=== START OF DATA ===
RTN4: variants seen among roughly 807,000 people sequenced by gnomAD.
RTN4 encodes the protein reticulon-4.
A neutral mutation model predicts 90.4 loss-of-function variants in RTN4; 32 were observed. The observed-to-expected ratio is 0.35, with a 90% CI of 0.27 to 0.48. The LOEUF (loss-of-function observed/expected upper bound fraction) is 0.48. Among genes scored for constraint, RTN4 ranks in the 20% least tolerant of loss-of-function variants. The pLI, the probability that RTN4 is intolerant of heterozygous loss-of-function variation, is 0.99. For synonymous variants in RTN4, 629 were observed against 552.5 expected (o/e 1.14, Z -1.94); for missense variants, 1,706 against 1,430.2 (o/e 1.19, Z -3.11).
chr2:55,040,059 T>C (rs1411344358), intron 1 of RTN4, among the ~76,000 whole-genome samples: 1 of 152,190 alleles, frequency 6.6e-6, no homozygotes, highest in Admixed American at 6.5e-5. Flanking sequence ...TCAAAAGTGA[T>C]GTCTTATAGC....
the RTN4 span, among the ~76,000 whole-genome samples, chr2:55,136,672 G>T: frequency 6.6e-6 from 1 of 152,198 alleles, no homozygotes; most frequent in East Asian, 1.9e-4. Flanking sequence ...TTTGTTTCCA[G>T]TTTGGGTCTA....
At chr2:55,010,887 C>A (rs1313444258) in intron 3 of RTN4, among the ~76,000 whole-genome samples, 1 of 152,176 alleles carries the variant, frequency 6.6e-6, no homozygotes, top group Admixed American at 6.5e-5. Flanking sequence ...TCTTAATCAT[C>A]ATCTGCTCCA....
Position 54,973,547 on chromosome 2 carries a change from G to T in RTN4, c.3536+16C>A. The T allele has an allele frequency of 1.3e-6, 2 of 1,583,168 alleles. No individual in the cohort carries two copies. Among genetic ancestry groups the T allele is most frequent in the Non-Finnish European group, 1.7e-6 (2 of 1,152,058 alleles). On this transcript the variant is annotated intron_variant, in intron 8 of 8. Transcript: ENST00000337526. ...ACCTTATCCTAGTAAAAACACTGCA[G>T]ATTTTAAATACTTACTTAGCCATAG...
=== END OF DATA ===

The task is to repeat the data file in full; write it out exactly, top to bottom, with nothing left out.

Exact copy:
RTN4: variants seen among roughly 807,000 people sequenced by gnomAD.
RTN4 encodes the protein reticulon-4.
A neutral mutation model predicts 90.4 loss-of-function variants in RTN4; 32 were observed. The observed-to-expected ratio is 0.35, with a 90% CI of 0.27 to 0.48. The LOEUF (loss-of-function observed/expected upper bound fraction) is 0.48. Among genes scored for constraint, RTN4 ranks in the 20% least tolerant of loss-of-function variants. The pLI, the probability that RTN4 is intolerant of heterozygous loss-of-function variation, is 0.99. For synonymous variants in RTN4, 629 were observed against 552.5 expected (o/e 1.14, Z -1.94); for missense variants, 1,706 against 1,430.2 (o/e 1.19, Z -3.11).
chr2:55,040,059 T>C (rs1411344358), intron 1 of RTN4, among the ~76,000 whole-genome samples: 1 of 152,190 alleles, frequency 6.6e-6, no homozygotes, highest in Admixed American at 6.5e-5. Flanking sequence ...TCAAAAGTGA[T>C]GTCTTATAGC....
the RTN4 span, among the ~76,000 whole-genome samples, chr2:55,136,672 G>T: frequency 6.6e-6 from 1 of 152,198 alleles, no homozygotes; most frequent in East Asian, 1.9e-4. Flanking sequence ...TTTGTTTCCA[G>T]TTTGGGTCTA....
At chr2:55,010,887 C>A (rs1313444258) in intron 3 of RTN4, among the ~76,000 whole-genome samples, 1 of 152,176 alleles carries the variant, frequency 6.6e-6, no homozygotes, top group Admixed American at 6.5e-5. Flanking sequence ...TCTTAATCAT[C>A]ATCTGCTCCA....
Position 54,973,547 on chromosome 2 carries a change from G to T in RTN4, c.3536+16C>A. The T allele has an allele frequency of 1.3e-6, 2 of 1,583,168 alleles. No individual in the cohort carries two copies. Among genetic ancestry groups the T allele is most frequent in the Non-Finnish European group, 1.7e-6 (2 of 1,152,058 alleles). On this transcript the variant is annotated intron_variant, in intron 8 of 8. Transcript: ENST00000337526. ...ACCTTATCCTAGTAAAAACACTGCA[G>T]ATTTTAAATACTTACTTAGCCATAG...